A quantitative dendritic analysis of wernicke's area in humans. II. Gender, hemispheric, and environmental factors

@article{Jacobs1993AQD,
  title={A quantitative dendritic analysis of wernicke's area in humans. II. Gender, hemispheric, and environmental factors},
  author={Bob Jacobs and Matthew Schall and Arnold B. Scheibel},
  journal={Journal of Comparative Neurology},
  year={1993},
  volume={327}
}
This quantitative Golgi study extends our investigation of relationships between cortical dendrite systems in humans and higher cognitive functions. [] Key Method Tissue was obtained from 20 neurologically normal right-handers: 10 males (Mage = 52.2) and 10 females (Mage = 47.8). Several independent variables were investigated: GENDER (male, female), HEMISPHERE (left, right), and EDUCATION (less than high school, high school, and university).
A quantitative dendritic analysis of wernicke's area in humans. I. Lifespan changes
TLDR
Age‐related increases and decreases in the basilar dendrites of supragranular pyramidal cells in human superior temporal gyrus of left and right hemispheres are examined in cortical dendritic neuropil.
Regional dendritic and spine variation in human cerebral cortex: a quantitative golgi study.
TLDR
Dendritic progression appears to reflect significant differences in the nature of cortical processing, with spine-dense neurons at hierarchically higher association levels integrating a broader range of synaptic input than those at lower cortical levels.
A quantitative dendritic analysis of four functionally distinct areas of human cerebral cortex
TLDR
Dendritic extent is suggested to be related to the functional capabilities of human cerebral cortex and the belief that learning and environment alter the morphology, physiology, and function of cerebral cortex has found support in documented differences between the cortices of rats raised in enriched and impoverished environments.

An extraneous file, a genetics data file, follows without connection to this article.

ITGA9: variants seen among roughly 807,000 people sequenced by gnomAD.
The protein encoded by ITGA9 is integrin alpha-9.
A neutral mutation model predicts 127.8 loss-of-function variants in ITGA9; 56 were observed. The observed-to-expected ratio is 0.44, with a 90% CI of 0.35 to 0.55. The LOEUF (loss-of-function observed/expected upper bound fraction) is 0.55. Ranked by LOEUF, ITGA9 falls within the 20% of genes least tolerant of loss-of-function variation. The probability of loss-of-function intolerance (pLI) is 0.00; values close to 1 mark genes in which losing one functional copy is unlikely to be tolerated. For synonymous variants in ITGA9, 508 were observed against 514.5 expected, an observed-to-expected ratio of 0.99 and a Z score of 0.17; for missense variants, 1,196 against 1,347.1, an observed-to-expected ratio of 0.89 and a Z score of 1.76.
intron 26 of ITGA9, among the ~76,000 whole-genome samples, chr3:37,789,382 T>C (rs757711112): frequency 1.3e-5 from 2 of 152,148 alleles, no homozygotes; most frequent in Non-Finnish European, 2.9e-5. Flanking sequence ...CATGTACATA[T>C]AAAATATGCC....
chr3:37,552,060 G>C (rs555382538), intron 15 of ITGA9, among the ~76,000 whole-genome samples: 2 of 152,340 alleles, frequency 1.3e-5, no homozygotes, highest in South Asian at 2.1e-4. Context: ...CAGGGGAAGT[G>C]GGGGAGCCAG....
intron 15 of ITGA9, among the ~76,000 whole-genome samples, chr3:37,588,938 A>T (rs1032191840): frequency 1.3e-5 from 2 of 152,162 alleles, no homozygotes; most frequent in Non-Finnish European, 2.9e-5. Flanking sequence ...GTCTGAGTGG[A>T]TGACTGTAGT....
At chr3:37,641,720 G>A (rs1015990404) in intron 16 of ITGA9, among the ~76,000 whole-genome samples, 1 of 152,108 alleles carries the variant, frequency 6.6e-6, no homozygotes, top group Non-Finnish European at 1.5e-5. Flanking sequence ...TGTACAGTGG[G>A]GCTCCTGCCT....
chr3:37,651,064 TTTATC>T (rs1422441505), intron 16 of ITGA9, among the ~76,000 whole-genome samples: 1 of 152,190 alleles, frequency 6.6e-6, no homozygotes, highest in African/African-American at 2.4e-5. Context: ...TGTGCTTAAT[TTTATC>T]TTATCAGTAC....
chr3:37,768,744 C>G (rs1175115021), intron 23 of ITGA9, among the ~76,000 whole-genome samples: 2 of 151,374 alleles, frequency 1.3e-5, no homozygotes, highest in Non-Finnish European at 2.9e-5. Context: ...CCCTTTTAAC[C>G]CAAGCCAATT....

The morphology of supragranular pyramidal neurons in the human insular cortex: a quantitative Golgi study.
TLDR
Overall, the insula had spinier, but shorter neurons than did high integration cortices, and thus may represent a specialized type of heteromodal cortex, one that integrates crude multisensory information crucial to interoceptive processes.
Age and hemisphere effects on dendritic structure.
TLDR
There are hemispheric differences in the dendritic structure of the small pyramidal neurons of presumptive human speech cortex and its right hemisphere analogue, and generalized neuronal atrophy is a candidate process to explain the decline in cognition with age.
Regional Dendritic Variation in Neonatal Human Cortex: A Quantitative Golgi Study
TLDR
Regional dendritic patterns suggest that the developmental time course of basilar dendrite systems is heterochronous and is more protracted for supramodal BA10 than for primary or unimodal regions (BA4, BA3-1-2, BA18).
Life‐span dendritic and spine changes in areas 10 and 18 of human cortex: A quantitative golgi study
Dendritic neuropil is a sensitive indicator of the aging process and may exhibit regional cortical variations. The present study examined regional differences and age‐related changes in the basilar
Biphasic dendritic growth of dorsolateral prefrontal cortex associative neurons and early cognitive development
TLDR
A biphasic pattern of postnatal dendritic development, together with a second growth spurt at the age of 2-3 years, represents a unique feature of the associative layer IIIC magnopyramidal neurons in the human dorsolateral prefrontal cortex and it is proposed that these structural changes relate to rapid cognitive development during early childhood.
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References

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A quantitative dendritic analysis of wernicke's area in humans. I. Lifespan changes
TLDR
Age‐related increases and decreases in the basilar dendrites of supragranular pyramidal cells in human superior temporal gyrus of left and right hemispheres are examined in cortical dendritic neuropil.
Dendritic organization of the anterior speech area
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